I’ve traveled a decent amount in the last few years. During this time I’ve learned a few things that I find useful whenever I’m planning a trip, packing for a trip, or on a trip.
The most surprising thing to other folks when I talk about traveling is Travel Hacking. Travel Hacking is the process of using airline reward programs to travel for cheap or free. It takes a bit of work, but the ideas are pretty basic. If you are focused and willing, travel can cost much less than you might expect.
This should be a separate post maybe. Whenever I travel internationally I try to use Airline Miles® to cover the cost of the flights. Frequent flyer miles are worth more when used internationally than when used domestically. Thus it makes more sense to use award miles for long international flights than for shorter domestic flights. Much is written about travel hacking already, so I won’t go into too much detail, but for now the synopsis is that I gather airlines’ frequent flyer miles through credit card signup bonuses and use them to fly. This is generally a very high value use of time for money. I recently flew first class to South America on miles which would have costed around $4000 dollars, but instead it was nearly free (around ~$200 in airport taxes and a change fee).
You can read more about travel hacking on Chris Guillebeau’s site or if enough people post questions in the comments I might make my one post.
Choosing Flights (and Stopovers)
I choose flights by fewest connections. I’d rather spend a while in one airport than have to move through many. This also limits the possibility of checked bags to get lost. But who checks bags anyways… But I also value the overall travel time of flights. I also keep an eye out for flights that go through cities that are interesting. A recent trip from Portland, Oregon to Buenos Aires, Argentina involved a flight going through Mexico City. I was able to take a “stopover” in Mexico City. A stopover is where rather than catching your next flight in a connection city, you catch the next flight a few days later. I spent three days in Mexico City before continuing south to Buenos Aires. It depends on the airline, but for me stopping over in Mexico City incurred no extra fees.
Pack light. Unless you’re staying in one place for a long time at the end of your trip. I very much appreciated having everything I brought fit into my carry-on size backpack and weigh no more than 20lbs when I was backpacking around and staying in hostels. However, at the end of my trip in South America I spent two months in one apartment in Chile and would have enjoyed a few more peices of clothing. But having all of your stuff fit in a carry-on is wonderful. No possibility for lost baggage and much speedier airport entry and exit.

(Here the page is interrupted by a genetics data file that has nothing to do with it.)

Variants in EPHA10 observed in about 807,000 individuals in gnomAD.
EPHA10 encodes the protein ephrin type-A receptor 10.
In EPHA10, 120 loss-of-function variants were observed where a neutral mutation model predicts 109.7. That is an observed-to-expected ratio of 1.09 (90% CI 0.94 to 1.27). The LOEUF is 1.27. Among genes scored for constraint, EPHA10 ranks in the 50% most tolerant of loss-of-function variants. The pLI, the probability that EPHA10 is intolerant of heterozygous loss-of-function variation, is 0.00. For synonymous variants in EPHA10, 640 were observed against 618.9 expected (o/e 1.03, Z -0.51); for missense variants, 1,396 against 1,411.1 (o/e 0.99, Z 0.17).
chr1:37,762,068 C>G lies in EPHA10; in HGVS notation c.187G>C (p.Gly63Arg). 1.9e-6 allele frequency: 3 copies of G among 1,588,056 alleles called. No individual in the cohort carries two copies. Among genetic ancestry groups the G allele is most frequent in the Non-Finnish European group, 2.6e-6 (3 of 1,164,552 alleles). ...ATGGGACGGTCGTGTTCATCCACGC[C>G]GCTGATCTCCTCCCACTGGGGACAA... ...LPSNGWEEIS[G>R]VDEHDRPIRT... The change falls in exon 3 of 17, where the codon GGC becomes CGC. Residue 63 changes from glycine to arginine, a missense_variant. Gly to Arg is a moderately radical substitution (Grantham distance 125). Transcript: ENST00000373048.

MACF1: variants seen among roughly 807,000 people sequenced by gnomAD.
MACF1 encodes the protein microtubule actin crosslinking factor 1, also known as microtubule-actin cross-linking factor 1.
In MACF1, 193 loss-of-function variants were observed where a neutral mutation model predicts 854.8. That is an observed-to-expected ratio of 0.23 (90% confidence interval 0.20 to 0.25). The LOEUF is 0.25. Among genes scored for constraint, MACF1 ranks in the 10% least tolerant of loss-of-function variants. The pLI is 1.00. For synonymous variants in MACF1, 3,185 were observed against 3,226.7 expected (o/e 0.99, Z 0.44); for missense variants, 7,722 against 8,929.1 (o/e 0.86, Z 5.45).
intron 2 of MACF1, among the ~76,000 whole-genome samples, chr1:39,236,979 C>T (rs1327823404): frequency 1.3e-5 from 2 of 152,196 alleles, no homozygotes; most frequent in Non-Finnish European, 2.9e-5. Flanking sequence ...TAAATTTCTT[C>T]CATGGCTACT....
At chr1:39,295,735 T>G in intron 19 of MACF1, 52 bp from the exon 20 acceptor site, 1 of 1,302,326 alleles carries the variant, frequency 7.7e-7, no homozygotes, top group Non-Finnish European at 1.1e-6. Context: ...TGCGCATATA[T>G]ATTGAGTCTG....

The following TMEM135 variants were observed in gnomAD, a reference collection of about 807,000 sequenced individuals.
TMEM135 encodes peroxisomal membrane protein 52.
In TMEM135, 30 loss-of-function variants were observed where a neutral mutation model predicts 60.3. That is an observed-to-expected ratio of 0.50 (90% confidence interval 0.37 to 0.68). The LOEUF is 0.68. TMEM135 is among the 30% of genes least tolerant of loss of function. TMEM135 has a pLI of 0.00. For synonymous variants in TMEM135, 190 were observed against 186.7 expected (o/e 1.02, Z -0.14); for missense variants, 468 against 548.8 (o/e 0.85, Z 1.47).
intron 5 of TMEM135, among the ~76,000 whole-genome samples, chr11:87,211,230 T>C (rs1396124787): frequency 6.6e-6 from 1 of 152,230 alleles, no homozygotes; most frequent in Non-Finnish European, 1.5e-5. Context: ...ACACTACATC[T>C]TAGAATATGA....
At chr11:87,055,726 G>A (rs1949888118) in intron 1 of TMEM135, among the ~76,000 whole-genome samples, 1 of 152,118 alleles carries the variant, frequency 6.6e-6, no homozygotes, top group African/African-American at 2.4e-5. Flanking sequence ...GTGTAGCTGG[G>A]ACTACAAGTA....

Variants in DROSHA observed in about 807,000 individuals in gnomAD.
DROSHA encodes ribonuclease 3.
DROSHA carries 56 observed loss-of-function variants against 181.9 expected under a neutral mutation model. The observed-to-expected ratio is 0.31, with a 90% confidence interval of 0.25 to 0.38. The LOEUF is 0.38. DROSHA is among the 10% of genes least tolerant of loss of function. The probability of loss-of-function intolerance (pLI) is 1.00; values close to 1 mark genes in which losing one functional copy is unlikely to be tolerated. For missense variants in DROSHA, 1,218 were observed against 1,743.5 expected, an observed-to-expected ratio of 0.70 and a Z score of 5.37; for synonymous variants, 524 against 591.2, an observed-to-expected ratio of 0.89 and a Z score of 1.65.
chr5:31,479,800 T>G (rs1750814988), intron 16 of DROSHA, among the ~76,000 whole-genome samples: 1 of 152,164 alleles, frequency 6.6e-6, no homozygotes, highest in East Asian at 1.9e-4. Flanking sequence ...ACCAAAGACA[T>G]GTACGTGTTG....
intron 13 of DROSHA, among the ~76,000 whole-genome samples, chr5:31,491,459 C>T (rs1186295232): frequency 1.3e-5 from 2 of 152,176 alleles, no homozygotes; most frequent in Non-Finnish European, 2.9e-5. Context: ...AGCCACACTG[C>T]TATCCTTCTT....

When packing think about what you really need and what you think would be nice to have. If you are struggling to understand why packing light matters, go backpacking with a heavy bag to remember.
Details of what I brought to South America:
Backpack: Gregory Z40 Pack
- Arc’teryx rain shell
- Arc’teryx synthetic down jacket
- 1 Smartwool sweater midweight
- 1 Smartwool sweater lightweight
6 pairs underwear (1 piece cotton, 2 smart wool, 3 uniqlo)
- 2 icebreaker merino wool t-shirts
2 cotton tshirts
2 uniqlo synthetic t-shirts (t-shirt, tank top)
5 pairs socks (2 lightweight wool, 2 heavy darn tough, 1 cotton)
- 1 pair jeans
- 1 pair mountain hardwear pants
1 pair REI cotton shorts
- 1 yoga shorts
- 1 bandana
- 1 travel towel
- 1 baseball cap
- 1 lightweight Smartwool beanie
- 1 Flip Flops
- 1 Brooks Cascadia tennis shoes
- Laptop charger
- iPhone charger
- Kindle charger
- Water bottle
- Money pouch
- Compression bag large
- Compression bag small
- Airtight sealer sac large
I was travelling solo so I preferred to stay in hostels where I would meet other travellers. I went on day trips with these hostel-mates; I shared dinner with these folks (often cooking at hostel kitchens); and most importantly I gathered intel on what to do in each location from those who had already spent a few days exploring. Simply put, I highly recommend staying in hostels. I had a copy of Lonely Planet and would go for the recommended hostels. These are a bit (read: a few dollars) more expensive than the cheapest hostels, but I found it worth it. A good experience in a hostel was far worth an extra five dollars per night.
I stayed in dorms (one room with multiple beds (often bunk beds) that you share with strangers). These are the cheapest but I didn’t mind after the insertion of earplugs and application of a sleeping mask.
So what’s the five dollar difference between hostels? Well, when I made some last minute plans and the preferred hostel was fully booked I arrived late at another hostel. The fellow at the front desk gave me a sheet and told me to go across the road to another building and a room number. That was it. I went across and while trying to be quiet at 1am had to 1) figure out which bed was available 2) make the bed on an upper bunk while trying not to disturb the sleeper below on the lower bunk. 3) And breakfast wasn’t included.
Now just down the road, where I had a reservation for the following night was a cozy hostel where the dorm beds where numbered, the beds were already made, and there was free breakfast included. Additionally, the front desk was very helpful and nice about helping with info and making travel plans. So worth it! Go with the better hostel! Often these are more local, family owned, so the people working there actually care about the service they are offering. Also, non-party hostels will be much cleaner. I prefer to go the party rather than having the party come to me. If you plan to inebriate to point of not being able to travel a long distance home, having the party be where you also sleep may be more convenient.